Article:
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Physician compensation going up in primary care


Latest AMGA survey shows pay also is increasing for advanced practice clinicians.

doctor piggybank stethoscope cash money © Lucky7Trader - stock.adobe.com

© Lucky7Trader - stock.adobe.com

Pay in primary care is going up, compared with other specialties, according to a survey by AMGA Consulting.

Primary care compensation went up an average of 6.1%, beating pay raises of 1.5% and 1.6% for medical and surgical specialties, respectively, according to AMGA’s 36th annual 2023 Medical Group Compensation and Productivity Survey. Rates were 6.1% for family medicine, 6.4% for internal medicine, and 5% for general pediatric and adolescent medicine, according to the survey.

Work relative value units also increased in primary care at rates of 3.4% for family medicine, 1.8% for internal medicine, and 8.9% for general pediatric and adolescent medicine, AMGA said.

It appeared the increase in compensation levels is evidence that organizations are raising compensation based on 2021 evaluation and management coding changes implemented by the U.S. Centers for Medicare and Medicaid Services (CMS), AMGA Consulting Director Elizabeth Siemsen said in a news release announcing the figures.

“Survey results indicate that the gains for primary care are evident as the smoke clears from the slow transition to the utilization of new wRVU weights for compensation calculation and the volume swings of the pandemic,” Siemsen said.

Among medical specialties, cardiologists saw a 2.1% increase in compensation; gastroenterology decreased by 0.6%; hematology and medical oncology rose by 3.2%; and neurology grew by 1.9%. For surgical specialties, general obstetrics-gynecology rose by 2.4%; emergency medicine dropped 0.7%; general surgery increased by 2.5%; and orthopedic surgery grew by 4.6%, according to the AMGA figures.

As physician salary goes up, median compensation follows the same trend for advance practice clinicians. Primary care nurse practitioners (NPs) saw a 6.1% increase in compensation; physician assistant (PA) compensation grew by 7%. For NPs in medical specialties, compensation grew by 6.2%, while PAs in surgical specialties rose by 5%, according to the AMGA figures.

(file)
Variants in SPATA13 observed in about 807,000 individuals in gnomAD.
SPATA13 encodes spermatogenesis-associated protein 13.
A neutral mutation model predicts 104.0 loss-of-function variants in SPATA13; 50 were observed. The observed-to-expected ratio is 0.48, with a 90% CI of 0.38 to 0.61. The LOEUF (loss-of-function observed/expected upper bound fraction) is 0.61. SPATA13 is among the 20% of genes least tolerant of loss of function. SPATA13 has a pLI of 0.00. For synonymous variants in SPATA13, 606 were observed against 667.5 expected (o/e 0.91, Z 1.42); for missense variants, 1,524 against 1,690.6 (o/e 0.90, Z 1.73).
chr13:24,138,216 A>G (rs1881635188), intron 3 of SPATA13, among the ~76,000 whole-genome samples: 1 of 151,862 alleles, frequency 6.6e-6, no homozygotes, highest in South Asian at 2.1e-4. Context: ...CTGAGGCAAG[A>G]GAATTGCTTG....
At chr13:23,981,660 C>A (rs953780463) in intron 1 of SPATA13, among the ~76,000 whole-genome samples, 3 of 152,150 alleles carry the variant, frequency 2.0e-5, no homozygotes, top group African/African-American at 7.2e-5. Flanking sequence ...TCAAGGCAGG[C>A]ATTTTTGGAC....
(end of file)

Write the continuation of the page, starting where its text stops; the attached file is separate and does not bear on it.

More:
Those results “may demonstrate the impact of the post-pandemic hiring market for APCs and the increased APC utilization to address access by medical groups as patient demand rebounded,” according to AMGA.

For the 2023 survey, median net collections grew by 5.2%, showing a larger disconnect between collections and physician compensation than in previous years.

“It is clear from the data that revenue gains are not going directly to physician compensation,” AMGA Consulting President Fred Horton, MHA, said in a statement.

“Rather, groups are using that revenue to address non-provider expense increases,” Horton said. “A lower compensation-to-collections ratio suggests that a higher percentage of revenue is going to cover all the expenses that have seen an increase in the past few years. These include staff expense, supply expense, and the like. Basically, we see that this data reflects that organizations are focusing on the management of the changing financial demands for medical group operations.”

The 2023 survey was announced at the end of June. It contains data from 446 medical groups representing more than 193,000 physicians and other providers from 194 specialties, according to AMGA.

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